Something is not working. The impasse that faces us in trying to resolve the Israeli-Palestinian conflict needs a fresh approach. After being involved with Israeli-Palestinian peacemaking efforts for the past 18 years, I am feeling called to return to the text.
As we ponder in Lent the conflict of Jesus with the empire, we readily see how disturbingly contemporary the issue of this text is. The empire will hardly ever tolerate such a well-instructed, obedient advocate of alternative.
The Maryland Commission, understanding the fundamental principles of the progress of civil rights in this country, reversed its position and stood with us, once again, in the Senate. We thank them and are proud to be a part of that tradition.
Can we visualize with prophetic daring, like Isaiah rather than Joel, strategies to equip our soldiers to turn swords into plowshares? Can we imagine, this Veterans Day, effective ways to train them to make peace -- and be at peace themselves?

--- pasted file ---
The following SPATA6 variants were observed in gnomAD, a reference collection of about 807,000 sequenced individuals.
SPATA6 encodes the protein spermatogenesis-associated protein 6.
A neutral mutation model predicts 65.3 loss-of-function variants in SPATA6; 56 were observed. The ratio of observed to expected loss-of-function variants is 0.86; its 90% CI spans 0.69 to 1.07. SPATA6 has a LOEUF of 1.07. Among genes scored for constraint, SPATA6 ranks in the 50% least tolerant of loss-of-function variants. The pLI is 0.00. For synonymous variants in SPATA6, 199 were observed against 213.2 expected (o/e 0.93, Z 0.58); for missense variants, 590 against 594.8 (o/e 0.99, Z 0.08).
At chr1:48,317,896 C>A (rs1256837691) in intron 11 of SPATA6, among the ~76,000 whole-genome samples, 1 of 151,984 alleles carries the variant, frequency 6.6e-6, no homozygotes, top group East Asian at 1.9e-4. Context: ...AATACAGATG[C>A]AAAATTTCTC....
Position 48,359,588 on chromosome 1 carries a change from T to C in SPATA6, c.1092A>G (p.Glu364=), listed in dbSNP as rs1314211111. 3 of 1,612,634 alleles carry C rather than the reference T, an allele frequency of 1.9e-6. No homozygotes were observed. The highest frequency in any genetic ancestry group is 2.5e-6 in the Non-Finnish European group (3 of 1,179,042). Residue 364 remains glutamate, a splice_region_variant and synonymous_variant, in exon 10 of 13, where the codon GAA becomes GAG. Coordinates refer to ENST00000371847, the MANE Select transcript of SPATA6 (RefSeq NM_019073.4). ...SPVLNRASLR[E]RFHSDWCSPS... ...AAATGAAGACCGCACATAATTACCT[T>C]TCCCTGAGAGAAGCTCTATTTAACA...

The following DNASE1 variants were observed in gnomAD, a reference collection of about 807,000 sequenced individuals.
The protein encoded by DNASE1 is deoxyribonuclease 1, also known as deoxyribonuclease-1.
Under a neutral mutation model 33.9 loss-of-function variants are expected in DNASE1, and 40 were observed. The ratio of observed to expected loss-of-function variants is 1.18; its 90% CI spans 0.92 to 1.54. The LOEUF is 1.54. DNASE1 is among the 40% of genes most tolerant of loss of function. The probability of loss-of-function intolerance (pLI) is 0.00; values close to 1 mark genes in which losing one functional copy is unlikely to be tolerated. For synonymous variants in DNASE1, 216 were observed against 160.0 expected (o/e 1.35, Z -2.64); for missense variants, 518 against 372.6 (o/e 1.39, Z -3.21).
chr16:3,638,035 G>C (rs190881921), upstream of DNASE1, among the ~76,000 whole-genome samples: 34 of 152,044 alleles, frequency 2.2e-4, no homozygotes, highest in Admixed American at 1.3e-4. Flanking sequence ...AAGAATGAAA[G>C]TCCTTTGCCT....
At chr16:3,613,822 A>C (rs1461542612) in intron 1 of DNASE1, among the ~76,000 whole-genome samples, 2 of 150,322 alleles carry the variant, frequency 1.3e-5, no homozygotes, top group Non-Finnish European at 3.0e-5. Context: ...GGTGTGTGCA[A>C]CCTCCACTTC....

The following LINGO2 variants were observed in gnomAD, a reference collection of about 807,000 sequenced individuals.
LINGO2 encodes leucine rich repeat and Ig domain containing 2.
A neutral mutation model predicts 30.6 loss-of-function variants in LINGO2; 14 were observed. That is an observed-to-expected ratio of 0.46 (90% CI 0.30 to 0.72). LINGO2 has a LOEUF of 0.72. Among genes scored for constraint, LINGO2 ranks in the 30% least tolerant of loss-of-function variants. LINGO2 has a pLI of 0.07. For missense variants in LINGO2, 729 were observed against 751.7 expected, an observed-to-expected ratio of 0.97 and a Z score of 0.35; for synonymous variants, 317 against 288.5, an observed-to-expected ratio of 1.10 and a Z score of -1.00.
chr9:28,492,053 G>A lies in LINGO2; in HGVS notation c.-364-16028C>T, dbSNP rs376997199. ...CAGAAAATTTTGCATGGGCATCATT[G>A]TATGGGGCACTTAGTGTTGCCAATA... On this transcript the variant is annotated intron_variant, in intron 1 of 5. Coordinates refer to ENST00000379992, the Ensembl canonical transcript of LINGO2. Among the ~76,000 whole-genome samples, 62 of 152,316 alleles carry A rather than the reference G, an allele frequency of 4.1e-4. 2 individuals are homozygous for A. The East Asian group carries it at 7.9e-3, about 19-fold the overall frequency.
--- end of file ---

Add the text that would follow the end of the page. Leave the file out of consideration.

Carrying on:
The NY Times recently reported that some advisers of presidential candidate Mitt Romney urged him to reverse the Obama Administration's ban on the use of torture. I'm writing to urge that we join in calling on Mr. Romney to explicitly and publicly reject that advice.
It's quite presumptuous for a Christian to write about an Israeli political issue in the context of a Jewish holiday, but I do so as someone who has been blessed immeasurably by Jewish thinkers and public figures.
The would-be prophet cowers before the throne and whimpers, "Woe is me! I am lost, for I am a man of unclean lips, and I live among a people of unclean lips." No posturing. No preachiness. No self-righteousness.
North Carolina's black economic backwater suffers from systemic economic exclusion characterized by the lowest rates of education in North Carolina, pitifully low levels of investment, deepening indebtedness and acute never-ending unemployment.